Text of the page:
Boxing, back in its late 20th century heyday, at least, seems to have had more than its share of colorful characters, and Bert Sugar, described as the "fedora-topped, cigar-smoking don of ringside sportswriters," (Washington Post), the sport’s “human encyclopedia and flamboyant and ubiquitous presence,” (New York Times) among other epithets, was one of them.
Sugar died March 25 at a hospital in New York from lung cancer.
Sugar moved from the world of advertising to sportswriting in the 1970s, and was editor and publisher of the Ring magazine by 1979. He also wrote numerous books on boxing and other sports (more than 80 by one count). His public persona included a fedora, long cigar and drink in his hand, as well as cameos in fight movies like “The Great White Hype,” and appearances on HBO.
His titles included, Boxing’s Greatest Fighters, 100 Greatest Boxers Of All Time, and Bert Sugar’s Baseball Hall of Fame: A Living History of America’s Greatest Game. His 2006 update of 100 Greatest Boxers offered these rankings: 1. Sugar Ray Robinson 2. Henry Armstrong, 3. Willie Pep, 4. Joe Louis, with Muhammad Ali at 7.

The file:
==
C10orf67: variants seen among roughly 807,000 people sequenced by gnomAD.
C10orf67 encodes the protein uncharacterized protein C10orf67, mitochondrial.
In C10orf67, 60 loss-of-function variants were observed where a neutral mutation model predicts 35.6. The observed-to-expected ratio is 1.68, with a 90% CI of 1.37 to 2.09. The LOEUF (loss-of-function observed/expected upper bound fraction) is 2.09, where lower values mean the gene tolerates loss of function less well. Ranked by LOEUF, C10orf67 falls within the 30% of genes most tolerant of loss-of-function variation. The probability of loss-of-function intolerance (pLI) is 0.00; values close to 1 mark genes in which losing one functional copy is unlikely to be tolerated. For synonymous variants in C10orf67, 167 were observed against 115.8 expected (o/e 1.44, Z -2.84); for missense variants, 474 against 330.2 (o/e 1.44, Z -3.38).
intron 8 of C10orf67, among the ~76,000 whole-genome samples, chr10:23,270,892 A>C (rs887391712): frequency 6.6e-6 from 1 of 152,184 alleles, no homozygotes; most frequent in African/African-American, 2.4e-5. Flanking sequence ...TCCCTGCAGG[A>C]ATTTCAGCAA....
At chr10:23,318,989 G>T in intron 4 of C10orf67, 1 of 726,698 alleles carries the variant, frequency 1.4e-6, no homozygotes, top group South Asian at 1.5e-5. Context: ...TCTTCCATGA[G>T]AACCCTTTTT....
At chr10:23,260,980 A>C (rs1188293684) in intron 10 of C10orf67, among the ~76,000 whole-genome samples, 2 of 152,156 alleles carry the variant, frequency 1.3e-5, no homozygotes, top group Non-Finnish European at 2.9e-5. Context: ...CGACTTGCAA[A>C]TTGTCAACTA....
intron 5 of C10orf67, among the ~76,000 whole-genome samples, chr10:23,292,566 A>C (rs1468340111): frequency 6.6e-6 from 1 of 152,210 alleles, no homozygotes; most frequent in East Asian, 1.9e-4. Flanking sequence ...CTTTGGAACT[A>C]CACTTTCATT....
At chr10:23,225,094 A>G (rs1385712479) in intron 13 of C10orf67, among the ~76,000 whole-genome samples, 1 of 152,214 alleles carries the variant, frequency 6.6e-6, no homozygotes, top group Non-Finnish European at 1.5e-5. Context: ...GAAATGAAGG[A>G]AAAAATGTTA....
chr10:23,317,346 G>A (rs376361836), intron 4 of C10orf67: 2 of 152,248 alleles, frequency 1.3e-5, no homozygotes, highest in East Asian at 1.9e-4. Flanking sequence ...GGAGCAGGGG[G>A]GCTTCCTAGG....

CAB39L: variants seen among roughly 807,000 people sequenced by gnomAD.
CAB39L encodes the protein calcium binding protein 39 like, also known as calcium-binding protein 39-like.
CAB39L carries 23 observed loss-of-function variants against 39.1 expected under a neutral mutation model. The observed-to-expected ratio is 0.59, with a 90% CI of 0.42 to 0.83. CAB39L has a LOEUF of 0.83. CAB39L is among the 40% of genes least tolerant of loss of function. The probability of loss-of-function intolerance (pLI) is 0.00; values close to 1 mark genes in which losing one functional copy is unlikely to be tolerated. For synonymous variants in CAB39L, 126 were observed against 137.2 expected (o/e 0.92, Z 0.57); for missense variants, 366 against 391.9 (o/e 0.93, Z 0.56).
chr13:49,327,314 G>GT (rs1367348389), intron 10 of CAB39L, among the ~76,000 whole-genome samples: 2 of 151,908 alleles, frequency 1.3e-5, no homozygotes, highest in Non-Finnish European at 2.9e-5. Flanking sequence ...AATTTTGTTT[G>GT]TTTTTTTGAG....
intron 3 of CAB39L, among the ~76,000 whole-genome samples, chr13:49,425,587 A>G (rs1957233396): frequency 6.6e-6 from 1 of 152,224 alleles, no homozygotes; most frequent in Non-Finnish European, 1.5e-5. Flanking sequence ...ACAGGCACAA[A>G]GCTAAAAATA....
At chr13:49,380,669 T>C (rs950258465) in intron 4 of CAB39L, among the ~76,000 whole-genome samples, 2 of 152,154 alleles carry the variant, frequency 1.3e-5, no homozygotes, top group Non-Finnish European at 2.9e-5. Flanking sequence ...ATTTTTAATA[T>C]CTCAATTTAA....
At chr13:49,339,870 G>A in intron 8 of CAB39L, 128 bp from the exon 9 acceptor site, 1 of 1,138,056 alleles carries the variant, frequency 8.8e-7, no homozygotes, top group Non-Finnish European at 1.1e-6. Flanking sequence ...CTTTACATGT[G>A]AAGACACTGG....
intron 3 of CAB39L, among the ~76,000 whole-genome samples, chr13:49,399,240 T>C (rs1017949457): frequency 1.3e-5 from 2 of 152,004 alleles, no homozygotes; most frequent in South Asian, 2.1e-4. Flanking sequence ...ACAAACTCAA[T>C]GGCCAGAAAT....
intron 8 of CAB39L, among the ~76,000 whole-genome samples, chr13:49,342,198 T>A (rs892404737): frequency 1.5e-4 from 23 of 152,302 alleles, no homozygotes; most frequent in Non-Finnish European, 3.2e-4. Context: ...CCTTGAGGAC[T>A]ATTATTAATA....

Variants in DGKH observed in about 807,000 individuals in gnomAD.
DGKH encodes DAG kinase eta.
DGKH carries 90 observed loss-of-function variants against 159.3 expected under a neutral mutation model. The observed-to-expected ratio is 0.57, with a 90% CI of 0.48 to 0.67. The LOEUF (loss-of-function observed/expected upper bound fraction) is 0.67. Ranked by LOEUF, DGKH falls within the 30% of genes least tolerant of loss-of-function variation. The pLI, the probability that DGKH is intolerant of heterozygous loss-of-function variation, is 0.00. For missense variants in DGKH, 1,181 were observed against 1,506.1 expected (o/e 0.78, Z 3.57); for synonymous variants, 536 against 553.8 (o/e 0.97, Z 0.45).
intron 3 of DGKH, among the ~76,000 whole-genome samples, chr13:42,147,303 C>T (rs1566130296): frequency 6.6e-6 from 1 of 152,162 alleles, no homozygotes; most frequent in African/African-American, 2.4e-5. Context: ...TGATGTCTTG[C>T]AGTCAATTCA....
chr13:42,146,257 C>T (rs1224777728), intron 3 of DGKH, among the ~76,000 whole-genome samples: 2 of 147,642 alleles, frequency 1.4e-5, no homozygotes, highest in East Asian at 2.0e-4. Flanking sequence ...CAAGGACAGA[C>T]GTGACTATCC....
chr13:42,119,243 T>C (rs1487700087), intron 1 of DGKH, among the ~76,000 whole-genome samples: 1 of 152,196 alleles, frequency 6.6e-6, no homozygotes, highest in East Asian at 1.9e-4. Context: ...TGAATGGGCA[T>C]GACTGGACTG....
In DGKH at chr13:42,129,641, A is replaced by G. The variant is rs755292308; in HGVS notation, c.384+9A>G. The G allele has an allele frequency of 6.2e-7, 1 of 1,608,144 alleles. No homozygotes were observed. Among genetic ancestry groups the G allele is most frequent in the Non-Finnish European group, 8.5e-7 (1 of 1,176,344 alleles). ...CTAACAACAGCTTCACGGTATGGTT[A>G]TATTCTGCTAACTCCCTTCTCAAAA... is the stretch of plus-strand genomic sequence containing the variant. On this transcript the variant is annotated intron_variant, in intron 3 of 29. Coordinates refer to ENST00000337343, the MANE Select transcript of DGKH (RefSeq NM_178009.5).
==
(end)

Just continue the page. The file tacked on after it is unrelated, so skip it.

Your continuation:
Sugar covered some of the classic fights of the late 20th century in a hyperbolic style quite unlike the self-consciously understated literary polish applied by writers such as Norman Mailer, who also favored the ring. Sugar wrote this about the third fight between Ali and Joe Frazier, 1975’s “Thrilla in Manila”:
“Some day, when ring historians gather ’round boxing’s smoldering campfire to tell stories of great fights, going all the way back to the time when spectators wore grapes in their hair and the lions ate the losers, one fight from that long laundry list will be remembered as having been one of the greatest two-sided fights in boxing history: Ali-Frazier III.”
Along with other obit writers, Tablet’s Marc Tracy spared no cliche and hyperbole in calling the "legendary" Sugar “a vestige of boxing’s days as a clubby, night-on-the-town pastime, almost inseparable from cigar smoke and references to Damon Runyon, and nearly as closely associated with old Jewish kibbitzers.” Even the New Yorker got Jewy in a profile of Sugar once, calling him the “best kibitzer in New York.”
Sugar was born in Washington, DC, and received an MBA and law degree from University of Michigan. He worked for advertising firms J. Walter Thompson and McCann-Erickson, and purchased Ring with NBA Hall of Famer Dave DeBusschere and other partners in 1977, after which he became editor. He was married for 51 years to Suzanne Davis.
The Eulogizer highlights the life accomplishments of famous and not-so-famous Jews who have passed away recently. Write to the Eulogizer at email@example.com. Follow the Eulogizer on Twitter @TheEulogizer